How to use Free Software to learn Japanese, and more.

This page lists articles in chronological order. You may want to read Table of Contents instead.

Mitigating the Impact of Early Output

June 02, 2024 — Tatsumoto Ren

I'm forced to output early. How can I mitigate the damage?

If you're already living in Japan, or taking Japanese classes, you may find yourself in situations where you need to speak Japanese. If you're not fluent yet, early output will damage your Japanese. In this article, we'll explore strategies to help you mitigate the damage.


Learning Kanji Radicals

May 02, 2024 — Tatsumoto Ren

In my previous article on Learning Kanji, I mentioned that beginners do not need to learn kanji radicals. However, radicals play a significant role in the Japanese language. Understanding the proper Japanese names for common radicals aids in grasping spoken conversations about kanji.

The advice provided in this article is tailored for people who already understand Japanese. If you are still a beginner, I recommend focusing on more essential aspects of Japanese learning.


How to type X with Fcitx?

April 09, 2024 — Tatsumoto Ren

This article addresses common questions about typing with Fcitx.

To enter anything when using Fcitx, type what you want to type and then press the space bar. Fcitx will provide predictions for the characters you intend to insert. If the prediction is incorrect, continue pressing the space bar until you find the correct one.

Main article: How to type in Japanese


Is it best to make the monolingual transition as soon as possible?

April 03, 2024 — Tatsumoto Ren


There's a sweet spot for making the monolingual transition, and doing it either too early or too late can reduce your efficiency. In theory, you could attempt to go monolingual very early in your learning journey. You might learn just the most common 50 words, the bare minimum of grammar, and dive into using only the target language for definitions. It would be very challenging, but it's not impossible. I've seen people who went monolingual much sooner than I advise. It was tough for them. Although they struggled and were often lost, barely understanding anything for a long time, they eventually found their way.

So yes, an early transition is possible. However, going monolingual too soon is not the most effective approach. The difficulty is so high that you might end up spending an excessive amount of time doing recursive lookups and deciphering complex explanations in the monolingual dictionary, which is not the best use of your time.

If the process is too difficult, you'll likely spend more time lost in the dictionary than actually learning. A more balanced approach is to expand your vocabulary with the help of bilingual dictionaries first. Then, transition to monolingual dictionaries when you're more prepared. This strategy allows for a smoother shift and sets you up for success.

Tags: faq

Going monolingual

March 28, 2024 — Tatsumoto Ren

So far, you have been relying on bilingual dictionaries to learn new words. For those studying Japanese, JMdict is a frequently used resource, offering Japanese-to-English translations. Going monolingual means moving from bilingual to monolingual dictionaries. It is an important step forward in your language acquisition journey. This shift is crucial for achieving long-term success and mastering the language.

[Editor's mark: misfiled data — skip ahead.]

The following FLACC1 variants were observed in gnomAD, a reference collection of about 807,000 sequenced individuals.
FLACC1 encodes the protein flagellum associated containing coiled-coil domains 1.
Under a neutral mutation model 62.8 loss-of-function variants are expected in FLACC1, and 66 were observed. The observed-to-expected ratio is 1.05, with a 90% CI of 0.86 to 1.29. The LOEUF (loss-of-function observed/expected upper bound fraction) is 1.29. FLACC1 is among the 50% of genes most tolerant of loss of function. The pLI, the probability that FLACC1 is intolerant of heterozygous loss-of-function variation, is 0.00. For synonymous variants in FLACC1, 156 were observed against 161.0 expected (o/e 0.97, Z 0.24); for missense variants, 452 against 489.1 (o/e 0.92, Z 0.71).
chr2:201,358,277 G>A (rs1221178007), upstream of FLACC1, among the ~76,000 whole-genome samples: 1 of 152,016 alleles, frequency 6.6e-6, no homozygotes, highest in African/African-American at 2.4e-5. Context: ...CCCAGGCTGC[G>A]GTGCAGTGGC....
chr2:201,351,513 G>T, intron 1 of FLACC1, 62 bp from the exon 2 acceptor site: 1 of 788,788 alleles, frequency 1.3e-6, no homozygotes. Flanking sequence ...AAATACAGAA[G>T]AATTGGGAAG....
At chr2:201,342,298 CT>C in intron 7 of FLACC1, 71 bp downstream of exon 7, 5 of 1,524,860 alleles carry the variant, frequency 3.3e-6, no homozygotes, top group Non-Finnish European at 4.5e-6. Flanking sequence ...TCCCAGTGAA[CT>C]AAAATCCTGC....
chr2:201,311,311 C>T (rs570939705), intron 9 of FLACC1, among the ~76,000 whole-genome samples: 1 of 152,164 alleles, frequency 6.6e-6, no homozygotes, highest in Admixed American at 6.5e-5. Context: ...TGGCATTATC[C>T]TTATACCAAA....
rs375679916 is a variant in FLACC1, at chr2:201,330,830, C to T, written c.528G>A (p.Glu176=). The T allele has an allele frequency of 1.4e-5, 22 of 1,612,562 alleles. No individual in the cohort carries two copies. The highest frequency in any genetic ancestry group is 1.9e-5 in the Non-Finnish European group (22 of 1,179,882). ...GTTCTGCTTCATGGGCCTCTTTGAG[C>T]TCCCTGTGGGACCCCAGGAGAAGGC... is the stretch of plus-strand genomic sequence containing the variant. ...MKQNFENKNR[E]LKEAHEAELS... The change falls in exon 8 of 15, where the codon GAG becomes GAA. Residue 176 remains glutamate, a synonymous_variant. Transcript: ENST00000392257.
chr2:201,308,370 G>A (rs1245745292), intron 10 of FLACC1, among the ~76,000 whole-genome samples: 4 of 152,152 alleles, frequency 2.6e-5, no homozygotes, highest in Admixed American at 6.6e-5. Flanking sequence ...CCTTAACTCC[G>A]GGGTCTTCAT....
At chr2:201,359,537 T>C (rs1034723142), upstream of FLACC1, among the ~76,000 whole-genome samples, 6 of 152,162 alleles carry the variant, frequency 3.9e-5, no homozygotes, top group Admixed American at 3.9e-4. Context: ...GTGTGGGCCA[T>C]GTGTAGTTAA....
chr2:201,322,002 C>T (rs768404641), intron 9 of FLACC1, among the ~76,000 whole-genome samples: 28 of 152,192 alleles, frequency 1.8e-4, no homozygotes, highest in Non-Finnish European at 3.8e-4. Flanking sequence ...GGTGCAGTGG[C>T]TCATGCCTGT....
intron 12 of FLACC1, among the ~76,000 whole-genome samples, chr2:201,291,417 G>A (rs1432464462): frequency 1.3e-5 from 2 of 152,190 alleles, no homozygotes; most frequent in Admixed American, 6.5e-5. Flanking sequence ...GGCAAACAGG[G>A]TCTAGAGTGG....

In this article, we will explore how to transition from bilingual to monolingual dictionaries effectively.


Avoiding bad advice

March 21, 2024 — Tatsumoto Ren

Countless language-learning methods exist, and each of them tells you to do different things. Some methods are effective, but many are not. Unfortunately, the Internet is brimming with advice that might sound good but often leads to little progress. If you want to reach mastery in a foreign language, you don't want to waste precious time on ineffective methods.


Cross Profile Search And Import

March 11, 2024 — Tatsumoto Ren

The Cross Profile Search and Import add-on is a tool that helps you maintain a neat, uncluttered main profile while still having access to an extensive sentence bank. This tool allows you to store your sentence bank in a separate profile which is not synchronized with AnkiWeb, and then easily search and import cards into your main profile when required. In doing so, it keeps your main profile tidy while sparing AnkiWeb servers from hefty media uploads.


Do I have to run GNU?

March 11, 2024 — Tatsumoto Ren

If you've made the decision to start AJATT, you might be curious about why it suggests upgrading to the GNU operating system. The answer is quite simple. The GNU system and Libre/free software, by their nature, are inherently more constructive and extensible.

We prefer GNU/Linux because it just makes everything easier. It's more user-friendly, which is great for beginners. This means you won't have to jump through all the hoops like people do on Windows. With more simple and convenient software, you can carry out your everyday tasks swiftly and efficiently. For instance, in i3wm, you can set up key bindings to perform any task with just a few keypresses. Most of the time, you won't even need a mouse. I have a binding that lets me add an image to an Anki card with just one keypress or extract text from a manga page with another keypress.